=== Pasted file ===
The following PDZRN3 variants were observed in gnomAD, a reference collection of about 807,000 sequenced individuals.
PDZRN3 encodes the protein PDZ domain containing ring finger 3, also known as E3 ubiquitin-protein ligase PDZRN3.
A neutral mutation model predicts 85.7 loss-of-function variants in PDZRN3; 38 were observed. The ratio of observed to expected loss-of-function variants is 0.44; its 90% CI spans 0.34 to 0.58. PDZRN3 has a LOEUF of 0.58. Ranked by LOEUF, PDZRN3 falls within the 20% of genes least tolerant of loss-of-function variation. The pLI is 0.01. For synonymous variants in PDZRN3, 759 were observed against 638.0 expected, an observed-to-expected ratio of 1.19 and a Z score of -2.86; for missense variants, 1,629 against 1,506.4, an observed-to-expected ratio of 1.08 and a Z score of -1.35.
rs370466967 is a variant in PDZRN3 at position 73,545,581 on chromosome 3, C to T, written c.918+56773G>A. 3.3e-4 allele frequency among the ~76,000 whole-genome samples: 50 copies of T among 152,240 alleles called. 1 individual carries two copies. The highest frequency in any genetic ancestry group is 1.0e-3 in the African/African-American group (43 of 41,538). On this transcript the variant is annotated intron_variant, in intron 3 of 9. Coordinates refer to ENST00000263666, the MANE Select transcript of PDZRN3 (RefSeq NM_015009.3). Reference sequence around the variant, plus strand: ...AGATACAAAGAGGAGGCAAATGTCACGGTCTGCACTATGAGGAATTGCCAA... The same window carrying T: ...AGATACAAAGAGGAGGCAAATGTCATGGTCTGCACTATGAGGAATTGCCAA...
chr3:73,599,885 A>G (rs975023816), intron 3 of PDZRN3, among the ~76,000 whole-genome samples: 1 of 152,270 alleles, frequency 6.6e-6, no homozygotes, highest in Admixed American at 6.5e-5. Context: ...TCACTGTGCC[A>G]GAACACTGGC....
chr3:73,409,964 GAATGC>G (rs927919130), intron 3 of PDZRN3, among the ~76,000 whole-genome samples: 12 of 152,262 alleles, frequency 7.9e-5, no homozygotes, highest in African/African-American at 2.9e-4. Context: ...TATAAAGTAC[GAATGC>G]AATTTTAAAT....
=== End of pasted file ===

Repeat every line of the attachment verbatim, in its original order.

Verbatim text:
The following PDZRN3 variants were observed in gnomAD, a reference collection of about 807,000 sequenced individuals.
PDZRN3 encodes the protein PDZ domain containing ring finger 3, also known as E3 ubiquitin-protein ligase PDZRN3.
A neutral mutation model predicts 85.7 loss-of-function variants in PDZRN3; 38 were observed. The ratio of observed to expected loss-of-function variants is 0.44; its 90% CI spans 0.34 to 0.58. PDZRN3 has a LOEUF of 0.58. Ranked by LOEUF, PDZRN3 falls within the 20% of genes least tolerant of loss-of-function variation. The pLI is 0.01. For synonymous variants in PDZRN3, 759 were observed against 638.0 expected, an observed-to-expected ratio of 1.19 and a Z score of -2.86; for missense variants, 1,629 against 1,506.4, an observed-to-expected ratio of 1.08 and a Z score of -1.35.
rs370466967 is a variant in PDZRN3 at position 73,545,581 on chromosome 3, C to T, written c.918+56773G>A. 3.3e-4 allele frequency among the ~76,000 whole-genome samples: 50 copies of T among 152,240 alleles called. 1 individual carries two copies. The highest frequency in any genetic ancestry group is 1.0e-3 in the African/African-American group (43 of 41,538). On this transcript the variant is annotated intron_variant, in intron 3 of 9. Coordinates refer to ENST00000263666, the MANE Select transcript of PDZRN3 (RefSeq NM_015009.3). Reference sequence around the variant, plus strand: ...AGATACAAAGAGGAGGCAAATGTCACGGTCTGCACTATGAGGAATTGCCAA... The same window carrying T: ...AGATACAAAGAGGAGGCAAATGTCATGGTCTGCACTATGAGGAATTGCCAA...
chr3:73,599,885 A>G (rs975023816), intron 3 of PDZRN3, among the ~76,000 whole-genome samples: 1 of 152,270 alleles, frequency 6.6e-6, no homozygotes, highest in Admixed American at 6.5e-5. Context: ...TCACTGTGCC[A>G]GAACACTGGC....
chr3:73,409,964 GAATGC>G (rs927919130), intron 3 of PDZRN3, among the ~76,000 whole-genome samples: 12 of 152,262 alleles, frequency 7.9e-5, no homozygotes, highest in African/African-American at 2.9e-4. Context: ...TATAAAGTAC[GAATGC>G]AATTTTAAAT....